This is a very interesting question because I’ve been getting it quite frequently and I have not known how to answer it. Quite honestly, when I first got the job, I was just excited because I was living the starving artist story. I was just trying to figure out how I was going to pay my bills, how to sell my work, and how to find the ideal clientele.
So when I got the job, I had this sense that I was in the right place, and I was just excited to deliver. I wanted to work hard and to make Ruth E. Carter and Ryan Coogler happy and to keep my job! I was so immersed in the work that it wasn’t until I saw the film that I really understood what I was doing. The jewelry conveyed such strength and seeing that strength on the big screen was so powerful. To see strength that looked like me, a brown girl, that was so impactful.
Can you talk about how you manifested issues of power and gender through the jewelry you designed for Black Panther?
Like I said, I was quite unaware of what role I was playing in this until I saw the film. But the imagery is really powerful, and I love the fact that I was part of a process that basically reprograms the way people see women in power, if only for the duration of the film. I really see the film as an opportunity for viewers to question how they see women in power, particularly black women in power.
The jewelry played a big role in this: the gold, the armor, the claw details of the work. Ruth paid attention to detail when it came to how the characters would be represented and the message they were communicating particularly about strength and power and being feminine. The female warriors represent a new idea of what femininity can be. I think that’s super powerful.
How closely were you working with Ruth and her costume team?
Initially we sat down and we discussed what her intention was for the characters and what she wanted me to make and what Wakandan jewelry looked like to her. We went through different designs for the costumes, and she shared artists she was inspired by, like Art Smith and Alexander Calder. As we developed imagery, we infused the ideas with tribal designs (Tuareg, Zulu, Masai). And of course, I brought my own aesthetic to the designs.
Ruth and I worked together on some of the specific pieces, like Ramonda’s dress that was at the end of the film. She had discussed the armor pieces with Marvel already so they gave me 2-D illustrations and said “Here, make this.” So there was a lot I just had to figure out. But the costume team was fantastic and they supported me so much, especially in thinking about the functionality of the pieces. Ruth encouraged me to push myself and push my boundaries and make the work truer to both the aesthetic of the film and my aesthetic.
How would you summarize the experience of working on a blockbuster film like this?
It was very exciting, just so amazing. I really had the feeling that I was where I was supposed to be. I had the support of the cast and the crew. It was a lot of work. I had my own workshop and it was demanding to make so many pieces in such a short amount of time. It was an incredible amount of pressure, but I loved it. I absolutely loved it.
How has the experience of working on the film influenced your art practice, specifically the production work you make and sell?
The interesting thing about the movie is that afterwards, I did get the licensing for Marvel. So the experience took me out of production and into the licensing aspect of jewelry. And on top of that, I recently had my first child. My production now is totally different. My platform is no longer selling my work at art markets or selling on Frenchmen Street in New Orleans. I’ve shifted the way I produce my work and I do have help with the production of my line. I have so much more room and opportunity to create wearable art pieces that I have been wanting to make for years. I absolutely feel blessed that I am able to do this.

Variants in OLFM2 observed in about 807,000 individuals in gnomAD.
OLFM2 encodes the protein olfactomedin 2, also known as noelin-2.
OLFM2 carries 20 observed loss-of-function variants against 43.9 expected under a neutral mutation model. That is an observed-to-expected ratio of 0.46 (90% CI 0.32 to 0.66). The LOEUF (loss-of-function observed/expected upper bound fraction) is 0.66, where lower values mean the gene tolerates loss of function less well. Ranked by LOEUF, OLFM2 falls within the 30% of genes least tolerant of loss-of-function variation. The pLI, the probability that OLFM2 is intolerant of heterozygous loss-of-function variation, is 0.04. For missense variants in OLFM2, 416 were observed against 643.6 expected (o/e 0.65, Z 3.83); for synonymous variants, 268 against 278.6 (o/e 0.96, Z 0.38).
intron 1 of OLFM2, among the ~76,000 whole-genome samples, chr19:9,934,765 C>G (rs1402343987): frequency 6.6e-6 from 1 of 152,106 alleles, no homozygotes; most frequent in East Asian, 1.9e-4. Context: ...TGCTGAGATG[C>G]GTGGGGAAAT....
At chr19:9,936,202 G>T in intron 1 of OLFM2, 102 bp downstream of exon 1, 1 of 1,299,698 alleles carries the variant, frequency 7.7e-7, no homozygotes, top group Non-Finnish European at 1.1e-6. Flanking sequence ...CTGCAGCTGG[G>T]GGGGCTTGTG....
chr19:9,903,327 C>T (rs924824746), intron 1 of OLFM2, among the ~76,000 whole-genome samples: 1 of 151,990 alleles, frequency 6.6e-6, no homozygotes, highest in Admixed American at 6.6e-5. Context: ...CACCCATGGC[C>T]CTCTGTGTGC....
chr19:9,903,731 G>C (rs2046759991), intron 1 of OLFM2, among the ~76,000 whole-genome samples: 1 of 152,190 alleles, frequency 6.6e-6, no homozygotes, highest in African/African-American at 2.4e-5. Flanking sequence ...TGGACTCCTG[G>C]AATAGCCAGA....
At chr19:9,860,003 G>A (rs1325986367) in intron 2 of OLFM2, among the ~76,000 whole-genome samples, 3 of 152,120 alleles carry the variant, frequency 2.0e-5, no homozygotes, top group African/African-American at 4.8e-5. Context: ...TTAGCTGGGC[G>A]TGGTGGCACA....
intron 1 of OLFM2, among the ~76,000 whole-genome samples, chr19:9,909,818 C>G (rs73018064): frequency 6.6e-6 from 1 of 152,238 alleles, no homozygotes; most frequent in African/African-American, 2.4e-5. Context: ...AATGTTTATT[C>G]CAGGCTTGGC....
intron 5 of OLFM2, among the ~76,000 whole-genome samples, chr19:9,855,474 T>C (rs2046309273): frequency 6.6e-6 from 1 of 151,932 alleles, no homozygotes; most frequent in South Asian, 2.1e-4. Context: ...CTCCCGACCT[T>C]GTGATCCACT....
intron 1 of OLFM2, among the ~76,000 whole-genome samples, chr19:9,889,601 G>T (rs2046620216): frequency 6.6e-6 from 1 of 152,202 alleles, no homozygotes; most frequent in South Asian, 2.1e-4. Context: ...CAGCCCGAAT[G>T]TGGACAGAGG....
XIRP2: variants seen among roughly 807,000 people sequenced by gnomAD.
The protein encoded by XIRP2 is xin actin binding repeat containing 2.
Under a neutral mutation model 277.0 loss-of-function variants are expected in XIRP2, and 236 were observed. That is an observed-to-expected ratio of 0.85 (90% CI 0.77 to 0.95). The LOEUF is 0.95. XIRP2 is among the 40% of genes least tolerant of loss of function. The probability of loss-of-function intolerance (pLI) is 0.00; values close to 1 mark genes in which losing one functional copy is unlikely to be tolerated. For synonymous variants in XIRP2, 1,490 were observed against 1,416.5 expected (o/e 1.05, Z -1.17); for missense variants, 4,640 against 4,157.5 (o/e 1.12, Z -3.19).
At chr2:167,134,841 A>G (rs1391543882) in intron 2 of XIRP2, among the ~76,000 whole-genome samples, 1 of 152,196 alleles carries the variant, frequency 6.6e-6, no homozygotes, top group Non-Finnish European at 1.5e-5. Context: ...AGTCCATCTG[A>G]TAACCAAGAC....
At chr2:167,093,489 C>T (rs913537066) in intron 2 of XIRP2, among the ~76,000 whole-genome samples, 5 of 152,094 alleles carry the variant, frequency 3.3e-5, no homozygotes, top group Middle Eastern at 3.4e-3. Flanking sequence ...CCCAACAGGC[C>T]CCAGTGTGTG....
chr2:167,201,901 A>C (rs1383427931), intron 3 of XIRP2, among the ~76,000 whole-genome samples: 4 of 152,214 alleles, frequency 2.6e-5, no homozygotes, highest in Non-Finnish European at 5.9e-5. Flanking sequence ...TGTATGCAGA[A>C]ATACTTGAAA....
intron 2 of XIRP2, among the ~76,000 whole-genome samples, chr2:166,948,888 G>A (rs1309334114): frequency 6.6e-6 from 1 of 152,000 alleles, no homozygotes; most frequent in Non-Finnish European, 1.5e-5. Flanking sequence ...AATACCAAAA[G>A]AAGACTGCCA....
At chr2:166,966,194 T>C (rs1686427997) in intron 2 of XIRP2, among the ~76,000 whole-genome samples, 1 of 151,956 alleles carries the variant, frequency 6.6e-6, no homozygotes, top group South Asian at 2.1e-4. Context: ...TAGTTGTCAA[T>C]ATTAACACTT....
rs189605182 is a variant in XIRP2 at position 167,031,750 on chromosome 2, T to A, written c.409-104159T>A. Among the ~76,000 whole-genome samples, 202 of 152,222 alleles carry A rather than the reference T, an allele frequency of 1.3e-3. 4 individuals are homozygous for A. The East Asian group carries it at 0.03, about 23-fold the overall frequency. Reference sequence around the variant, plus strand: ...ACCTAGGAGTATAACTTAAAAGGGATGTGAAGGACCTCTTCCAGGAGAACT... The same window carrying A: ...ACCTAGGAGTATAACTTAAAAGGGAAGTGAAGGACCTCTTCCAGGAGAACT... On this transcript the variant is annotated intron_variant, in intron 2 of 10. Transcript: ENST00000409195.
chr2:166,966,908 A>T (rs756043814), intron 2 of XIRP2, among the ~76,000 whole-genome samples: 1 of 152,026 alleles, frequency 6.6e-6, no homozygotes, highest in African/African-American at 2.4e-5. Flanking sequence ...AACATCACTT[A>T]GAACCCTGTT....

I have read that you are really inspired by women’s stories. How do you encounter and cultivate those stories? Are there any particular women in history or contemporary culture that you would love to make jewelry for?
I love a strong narrative. I especially love to hear about women who dare to be themselves, who dare to tell their own story. The first person I ever wanted to make jewelry for was Erykah Badu then it was Oprah then it was Beyonce. I love when women appreciate adornment and show their strength and power through that medium. There are certain stories I want to tell.
Right now, I am really fascinated by Goddess stories and how they are told to empower women or to give them stories to see themselves in. I am interested in how I can tell those stories in jewelry. How can I show a powerful woman that honors herself and values herself but doesn’t mind looking like a superhero or Goddess walking out of her home? A good example of this is the piece that Hannah Beachler (set designer for Black Panther) wore to the Oscars, the face chain. That piece exemplifies a woman who dares to be different, who is unapologetic. A piece like that becomes a work of art and allows the wearer to be a work of art as well.
What’s next for you?
Well, I am working on Black Panther 2 which is very exciting. But in my own work, I am planning a series of exclusive pop-up events where clients can buy my work. People can go to my website and sign up for my newsletter to learn where these events will be. I will probably be doing a few art shows within the next few months as well.
Thank you so much for your time, Douriean, and for sharing your story!
Portraits of Douriean Fletcher by Dawn Jefferson and BJ photography. All jewelry by Douriean Fletcher.
To see more of Fletcher’s jewelry go to her website.
Find out more about Douriean Fletcher’s FRESH TALK: Accessory to Action—Adorning Wakanda at the National Museum of Women in the Arts in Washington, DC on June 30, 4:30 – 6.
* Reservations are now SOLD OUT. Very limited number of standby seats may be available on the day of the program, no guaranteed entry. $25 general; $20 members, seniors, students. Price includes museum admission and Catalyst cocktail hour.
Watch the program live-stream at nmwa.org/freshtalk4change.